|January 09, 2012||Reading the Bible Through|
|October 23, 2011||Happy Halloween, er, ah, Fall!|
|October 17, 2011||Reformation Day is Coming|
|September 27, 2011||Thanks Andy & Betsy!|
|September 24, 2011||Balancing Act|
|September 11, 2011||The Fulton County Fair|
|August 30, 2011||Pilgrim's Progress|
|August 21, 2011||There are no Atheists in Hell|
|July 23, 2011||Happy Thanksgiving|
|July 13, 2011||Open the Doors and There's All the People|
Anniston Bible Church is presenting a series of lectures led by Bob St. John on The Life and Legacy of Martin Luther. The sessions meet at 6:30 pm on Mondays in October leading up to the anniversary of the beginning of the Protestant Reformation. It was October 31, 1517 when the Augustinian monk nailed his 95 theses to the door of the castle church in Wittenberg, Germany in an attempt to reform practices in the Catholic Church. It was the second time that the New Testament Church had experienced a major upheaval. The church had a united existence for about 1000 years when the Roman Church split off. The changes made by Rome included placing authority in a Pope instead of a council, requiring celibacy for its clergy and using unleavened bread for the Eucharist. These two Christian churches, Orthodox and Roman Catholic, existed separately for another 500 years before Luther. With the advent of Protestant churches, we were off to the races. While the Orthodox Church remains largely unchanged, it seems like a new Protestant or Evangelical church splits off daily. This is good and bad. We spend a lot of time bickering amongst ourselves about what the Bible really says and who’s really saved. But this diversity can also be positive in that whatever it is that you want from church, you can probably find it. And if not, just start your own church. One of the interesting things that I've learned from Rev. St. John is how consistent most of Luther's ideas are with the Orthodox Church. It would be interesting to know what would've happened if Luther had led a return to the Orthodox Church instead of a reform of the Catholic church.
The text that accompanies the lectures is Martin Luther: A Guided Tour of His Life and Thought by Stephen J. Nichols. He writes of Luther's conversion which began when he acknowledged that he "hated the righteous God who punishes sinners" ... and "raged with a fierce and troubled conscience." Luther's study of the book of Romans led to a spiritual breakthrough in which he was overwhelmed by an understanding of God's gift of grace. Thus the foundation of all Protestant and evangelical churches was laid. Anyone who worships today in this stream of faith would benefit from learning of Luther's discovery of how life-changing the gospel really is.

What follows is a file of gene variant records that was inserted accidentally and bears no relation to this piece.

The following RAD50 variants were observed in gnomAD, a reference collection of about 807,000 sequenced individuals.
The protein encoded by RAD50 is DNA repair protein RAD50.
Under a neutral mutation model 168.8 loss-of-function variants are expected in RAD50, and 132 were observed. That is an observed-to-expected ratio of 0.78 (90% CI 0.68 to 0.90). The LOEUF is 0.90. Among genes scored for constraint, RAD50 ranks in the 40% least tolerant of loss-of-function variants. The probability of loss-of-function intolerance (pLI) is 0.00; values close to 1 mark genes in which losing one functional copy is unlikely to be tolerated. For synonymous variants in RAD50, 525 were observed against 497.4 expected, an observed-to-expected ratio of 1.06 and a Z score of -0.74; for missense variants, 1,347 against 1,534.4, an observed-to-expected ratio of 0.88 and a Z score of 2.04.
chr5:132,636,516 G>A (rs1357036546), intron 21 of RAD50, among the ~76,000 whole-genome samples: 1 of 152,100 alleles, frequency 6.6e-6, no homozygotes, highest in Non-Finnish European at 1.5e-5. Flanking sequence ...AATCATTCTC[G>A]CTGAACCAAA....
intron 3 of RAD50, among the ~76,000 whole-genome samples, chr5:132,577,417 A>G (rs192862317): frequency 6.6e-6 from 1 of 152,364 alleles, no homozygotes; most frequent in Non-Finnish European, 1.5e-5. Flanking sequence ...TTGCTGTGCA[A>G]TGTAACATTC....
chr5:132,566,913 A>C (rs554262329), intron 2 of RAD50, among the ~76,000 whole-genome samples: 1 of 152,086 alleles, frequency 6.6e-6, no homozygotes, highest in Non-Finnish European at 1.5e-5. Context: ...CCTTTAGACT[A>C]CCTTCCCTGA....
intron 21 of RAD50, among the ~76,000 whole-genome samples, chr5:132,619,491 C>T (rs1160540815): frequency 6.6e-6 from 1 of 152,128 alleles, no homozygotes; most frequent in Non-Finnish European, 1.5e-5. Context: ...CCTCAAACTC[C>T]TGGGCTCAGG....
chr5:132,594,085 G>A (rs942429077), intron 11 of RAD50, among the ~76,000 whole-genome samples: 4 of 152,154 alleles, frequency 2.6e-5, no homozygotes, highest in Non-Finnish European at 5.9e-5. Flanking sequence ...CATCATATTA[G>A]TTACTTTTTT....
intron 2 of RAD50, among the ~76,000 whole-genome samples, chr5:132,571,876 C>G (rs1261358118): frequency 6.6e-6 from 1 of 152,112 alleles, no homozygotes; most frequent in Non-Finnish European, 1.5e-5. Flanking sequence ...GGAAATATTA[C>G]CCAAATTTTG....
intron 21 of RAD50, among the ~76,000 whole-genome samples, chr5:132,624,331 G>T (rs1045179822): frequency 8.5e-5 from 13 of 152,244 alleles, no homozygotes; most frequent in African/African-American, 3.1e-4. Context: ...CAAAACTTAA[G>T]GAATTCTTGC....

I've never heard more beautiful music in the sanctuary of First Baptist Church of Jacksonville. The orchestra, choir, and congregation were led by Rev. Andy Bumpus in a most reverent and meaningful worship experience. I've been singing in church since I was a Sunbeam, and I've been blessed to know many dedicated music ministers, but I can honestly say that Andy is the most talented of them all. He writes music; he arranges musical scores for both choir and orchestra; he's a soloist with the civic chorale; he is a brilliant conductor; he plays a variety of instruments at the professional level; and he has taught novices to play instruments so that they could participate in worship. The really amazing thing, though, is that he's so humble that many people in our own church do not realize the depth and quality of his talents. His concern is to be faithful with his spiritual gifts, not to be the center of attention. As churches continue to blur the line between worship and entertainment, Andy is an example of humility to all of us. If possible, his wife Betsy serves even further under the radar. She's in the background providing food for socials and funerals, folding clothes for tornado victims, sending messages of encouragement, singing in the choir and even filling in on the saxophone when needed.
As beautiful as last Sunday's service was, it was also quite sad since it was the last time that Andy will lead worship for us. He and Betsy have joyfully given of themselves to our congregation for 7 years, and they will be sorely missed. His position may be filled, but they will never be replaced.
I was in New Orleans a few months back and saw a man literally standing on his soapbox preaching loudly into a microphone to a largely uninterested stream of pedestrians. Bourbon Street has no shortage of street performers vying for the attention of the crowds, and this guy was definitely losing the competition. I have no reason to doubt his sincerity or question his motives in what he was doing. Like telemarketing, it must achieve the desired effect sometimes or people wouldn't do it. About a block away a group of around fifteen young musicians was serenading a packed crowd with a fabulous blending all kinds of instruments. Their skill and dedication were admirable, and much appreciated by those of us who stopped and listened. I couldn't help but wonder which performance was more pleasing to God. The Bible tells us that life is made up of things that are clean, things that are unclean, and things that are holy. I think it is possible that offering up a gift of talent that has been honed into its highest expression might just fall into the holy category. Screaming judgment at strangers doesn’t strike me as quite so appealing.